The permutation required for format conversion is somewhat more complex for larger values of n, as can be demonstrated by showing the tables for n=9, p=19, which is as follows:

i 2i 2i mod 19 π(i)
0 1 1 1
1 2 2 2
2 4 4 4
3 8 8 8
4 16 16  3
5 32 13  6
6 64 7 7
7 128 14  5
8 256 9 9
j σ(j)
1 0
2 1
3 4
4 2
5 7
6 5
7 6
8 3
9 8

Whereas the bit permutation for the π(i) and σ(j) functions becomes more complex with greater values of n, the permutation can still be implemented in a simple software algorithm or simple wiring interconnection scheme.

FIG. 5 is a flow chart illustrating an embodiment 500 of a method according to the present invention. After ONB operands are received at step 510, the most efficient algorithm for a given arithmetic operation is determined at step 520. As discussed above, the most efficient algorithm for a given execution context may operate in a different representation format than the format in which the operands are received.

If the most efficient algorithm available operates in palindromic format, then control branches at step 530 to step 550, where the ONB operands are converted to palindromic format. This conversion is obtained through a simple bit-wise permutation of the ONB vector into a palindromic vector, as described in detail above. At step 560, the arithmetic operation is performed on the operands, now in palindromic format, using the selected algorithm in order to produce a palindromic format result.

The palindromic result is then converted to ONB format at step 570. Conversion of the result from palindromic format to ONB is obtained through a simple bitwise permutation of the result, as described in detail above.

If the algorithm selected at step 520 operates in ONB format, then control branches at step 530 to step 540, where the selected algorithm is used to perform the arithmetic operation in the original ONB format to obtain an ONB format result. Therefore, no conversion of the format of the operands or the result is necessary.

Though the detailed description above is discussed in the context of ONB and palindromic representation formats, the same approach can be applied to any pair of representation formats where each format is equivalent, though permuted, to the other representation format. Thus, when more efficient algorithms are available for certain arithmetic operations in the equivalent alternative representation, then the operands can be permuted into the alternative representation format for computation using the more efficient algorithm. The result of the computation can then be permuted back to the original representation format, if necessary. The present invention is therefore able to take advantage of the most efficient algorithms across several representations formats available for certain arithmetic operations, thereby reducing the computational overhead associated with executing the arithmetic operations.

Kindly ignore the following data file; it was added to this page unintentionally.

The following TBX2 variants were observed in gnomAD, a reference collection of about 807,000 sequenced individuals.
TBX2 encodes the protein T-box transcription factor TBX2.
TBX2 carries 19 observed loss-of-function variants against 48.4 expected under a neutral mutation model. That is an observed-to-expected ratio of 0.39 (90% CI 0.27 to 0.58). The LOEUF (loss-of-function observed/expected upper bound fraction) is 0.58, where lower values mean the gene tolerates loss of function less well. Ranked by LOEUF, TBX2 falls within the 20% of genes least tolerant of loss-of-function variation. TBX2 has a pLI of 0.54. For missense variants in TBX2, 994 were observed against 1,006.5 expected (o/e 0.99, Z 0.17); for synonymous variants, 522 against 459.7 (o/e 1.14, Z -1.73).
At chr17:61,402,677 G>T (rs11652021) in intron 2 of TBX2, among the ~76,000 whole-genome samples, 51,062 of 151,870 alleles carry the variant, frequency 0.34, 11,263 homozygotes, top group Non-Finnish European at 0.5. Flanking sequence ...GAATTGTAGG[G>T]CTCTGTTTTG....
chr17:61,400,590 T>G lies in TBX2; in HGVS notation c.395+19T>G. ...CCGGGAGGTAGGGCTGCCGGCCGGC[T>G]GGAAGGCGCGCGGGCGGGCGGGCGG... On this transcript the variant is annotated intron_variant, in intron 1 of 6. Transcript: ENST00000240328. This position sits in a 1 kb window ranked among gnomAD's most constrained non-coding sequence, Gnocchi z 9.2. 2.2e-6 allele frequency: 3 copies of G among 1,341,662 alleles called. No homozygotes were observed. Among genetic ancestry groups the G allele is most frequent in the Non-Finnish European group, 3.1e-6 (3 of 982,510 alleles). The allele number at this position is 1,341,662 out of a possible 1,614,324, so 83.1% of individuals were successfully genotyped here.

Having described and illustrated the principles of the invention in some preferred embodiments thereof, it should be apparent that the invention can be modified in arrangement and detail without departing from such principles. We claim all modifications and variations coming within the spirit and scope of the following claims.

Patent Citations
Cited PatentFiling datePublication dateApplicantTitle
US5227992 *Jun 19, 1991Jul 13, 1993Samsung Electronics Co., Ltd.Operational method and apparatus over GF(2m) using a subfield GF(2.sup.
US5467297 *Oct 18, 1994Nov 14, 1995Cirrus Logic, Inc.Finite field inversion
US5612910 *Jul 13, 1995Mar 18, 1997Sgs-Thomson Microelectronics S.A.Circuit for inverting elements of a finite field
US6138133 *Jun 18, 1998Oct 24, 2000Samsung Electronics Co., Ltd.Circuit for calculating the inverse of an arbitrary element of a finite field
US6141420 *Jan 29, 1997Oct 31, 2000Certicom Corp.Elliptic curve encryption systems
US6230179 *Dec 24, 1997May 8, 2001Motorola, Inc.Finite field multiplier with intrinsic modular reduction
Referenced by
Citing PatentFiling datePublication dateApplicantTitle
US7401109Aug 6, 2003Jul 15, 2008The State Of Oregon Acting By And Through The State Board Of Higher Education On Behalf Of Oregon State UniversityMultiplication of multi-precision numbers having a size of a power of two
US7447310 *Aug 6, 2003Nov 4, 2008The State Of Oregon Acting By And Through The State Board Of Higher Education On Behalf Of Oregon State UniversityLean multiplication of multi-precision numbers over GF(2m)
US8559625Aug 7, 2007Oct 15, 2013Inside SecureElliptic curve point transformations
US20040098440 *Aug 6, 2003May 20, 2004The State Of Oregon Acting By And Through The State Board Of Higher Education On Behalf OfMultiplication of multi-precision numbers having a size of a power of two
US20040109561 *Aug 6, 2003Jun 10, 2004The State Of Oregon Acting By And Through The State Board Of Higher Education On Behalf OfLean multiplication of multi-precision numbers over GF(2m)
US20090041229 *Aug 7, 2007Feb 12, 2009Atmel CorporationElliptic Curve Point Transformations
US20100161701 *Dec 18, 2008Jun 24, 2010Microsoft CorporationPolynomial representation for symbolic computation
Classifications
U.S. Classification708/492
International ClassificationG06F7/72
Cooperative ClassificationG06F7/726, G06F7/724
European ClassificationG06F7/72F
Legal Events
DateCodeEventDescription
Apr 17, 2006FPAYFee payment
Year of fee payment: 4
Apr 15, 2010FPAYFee payment
Year of fee payment: 8
May 23, 2014REMIMaintenance fee reminder mailed
Oct 15, 2014LAPSLapse for failure to pay maintenance fees
Dec 2, 2014FPExpired due to failure to pay maintenance fee
Effective date: 20141015